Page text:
In 2002, Warren Kremin lost a third-generation family fish dealership, $1 million in legal fees and fines, and a business partner after being hit with what he says were fabricated charges of failing to file proper fish-purchase reports in 1999.
His private practice lawyer, a former top fisheries lawyer, advised him not to fight the case, Kremin said. "He said, 'You cannot win. You will lose. It's a fix.' "
On Thursday, investigators for the U.S. Commerce Department's Office of Inspector General released the latest in a series of reports finding fisheries lawyers and enforcement officers abused their power in prosecuting fishermen and dealers like Kremin, who lives in Rockland County. Among the most recent charges were cases of excessive fines and prosecutions that all but mandated costly settlements.
"The problems identified by the inspector general are unacceptable, were allowed to persist for too long and will end on my watch," Commerce Secretary Gary Locke said Thursday in announcing a series of measures to end the abuses.
For Kremin, whose business partner committed suicide and who lost his grandfather's business, Joseph H. Carter Co., at Fulton Fish Market, the revelations were only the start of making things right. His case was settled for $150,000 but he wants a new trial and restitution. "I would like to see justice prevail," he said.
Last month, at a meeting arranged by Sen. Charles Schumer (D-N.Y.) at the Shinnecock Commercial Dock in Hampton Bays, Kremin detailed his story to Jane Lubchenco, who heads the National Oceanic and Atmospheric Administration.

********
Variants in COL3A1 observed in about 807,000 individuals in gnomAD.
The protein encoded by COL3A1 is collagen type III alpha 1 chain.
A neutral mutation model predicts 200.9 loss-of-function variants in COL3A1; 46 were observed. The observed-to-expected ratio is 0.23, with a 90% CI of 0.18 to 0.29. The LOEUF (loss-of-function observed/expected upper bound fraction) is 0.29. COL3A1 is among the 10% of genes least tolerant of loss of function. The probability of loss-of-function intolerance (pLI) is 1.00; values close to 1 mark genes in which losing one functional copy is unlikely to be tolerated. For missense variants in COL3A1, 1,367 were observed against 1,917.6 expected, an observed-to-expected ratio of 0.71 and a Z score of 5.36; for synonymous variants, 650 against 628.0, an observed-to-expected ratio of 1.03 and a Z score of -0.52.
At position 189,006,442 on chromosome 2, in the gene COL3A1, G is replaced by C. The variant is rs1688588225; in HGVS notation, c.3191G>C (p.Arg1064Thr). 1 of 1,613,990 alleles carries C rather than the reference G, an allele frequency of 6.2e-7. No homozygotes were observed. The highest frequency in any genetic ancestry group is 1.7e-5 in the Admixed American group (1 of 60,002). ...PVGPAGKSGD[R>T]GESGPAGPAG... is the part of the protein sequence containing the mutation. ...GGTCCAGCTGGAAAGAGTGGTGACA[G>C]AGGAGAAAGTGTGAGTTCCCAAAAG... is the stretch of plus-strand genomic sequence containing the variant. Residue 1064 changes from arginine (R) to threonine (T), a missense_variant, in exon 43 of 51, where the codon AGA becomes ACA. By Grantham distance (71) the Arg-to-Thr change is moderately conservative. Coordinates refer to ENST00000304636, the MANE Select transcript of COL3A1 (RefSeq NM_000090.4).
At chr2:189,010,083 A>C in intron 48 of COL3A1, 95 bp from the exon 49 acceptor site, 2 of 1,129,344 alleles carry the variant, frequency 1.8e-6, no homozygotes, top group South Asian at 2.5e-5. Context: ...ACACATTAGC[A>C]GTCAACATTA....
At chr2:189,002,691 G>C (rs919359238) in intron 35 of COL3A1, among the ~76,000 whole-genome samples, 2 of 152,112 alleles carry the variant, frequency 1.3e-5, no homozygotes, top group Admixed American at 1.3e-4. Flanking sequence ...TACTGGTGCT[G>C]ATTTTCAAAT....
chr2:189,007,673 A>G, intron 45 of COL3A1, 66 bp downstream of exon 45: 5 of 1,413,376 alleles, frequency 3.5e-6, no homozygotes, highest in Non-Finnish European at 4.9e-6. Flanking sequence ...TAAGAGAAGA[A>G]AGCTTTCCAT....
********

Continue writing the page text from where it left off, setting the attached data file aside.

Friday, Schumer sent a letter demanding that Kremin's case be reviewed by a special master appointed by Locke to review allegations of past abuse.
"The inspector general's final report is a shocking indictment of the way fisheries enforcement agents were running roughshod in the Northeast region," Schumer said Friday.
The inspector general's findings follow two previous explosive reports by the office showing that fisheries enforcement officers overzealously prosecuted fishermen, abused a fund of fishery fines to buy cars, boats and travel for personal use, and hit fishermen with inordinate fines.
In the new report, one fisherman explained the alleged tactics of an unnamed fisheries attorney pushing a settlement.
"[He] said that if you don't pay $27,000 right now, if you want to go in front of one of my judges, you'll be paying $120,000 to $140,000. I settled for 25,000 bucks. I was scared to death. They wouldn't give me the boat back."
Bonnie Bradie, executive director of the Long Island Commercial Fishing Association, which supports the local industry, said it was about time federal regulators listened to fishermen's complaints."We've been screaming for years the enforcement is unfair and prejudicial," she said.
The National Weather Service Employees Organization, which represents the federal workers, called the report "flawed and politically motivated" and the workers "scapegoats."
"The attorneys did their jobs. They enforced the laws, assessed penalties according to NOAA's guidelines and received awards and recognition for their work," said Dan Sobien, the employees organization president.
But locals attest to the findings. Mark Phillips, a Greenport fisherman, says he was hit with a $100,000 fine 20 years ago for fishing over the Canadian border, a charge he easily refuted with satellite records. Still, it cost him $5,000 for a lawyer to fight the charges, which were dropped.
"The $100,000 fine would have put me out of business," he saidTom Kokell, a Northport fisherman hit with a $120,000 fine and a license suspension for overfishing fluke in 2007, ultimately settled for a $65,000 fine but near insolvency forced him to stop making payments. "If regulators don't listen to congressmen and senators, who are we kidding," Kokell said. "Nothing's going to change. You just get so disgusted."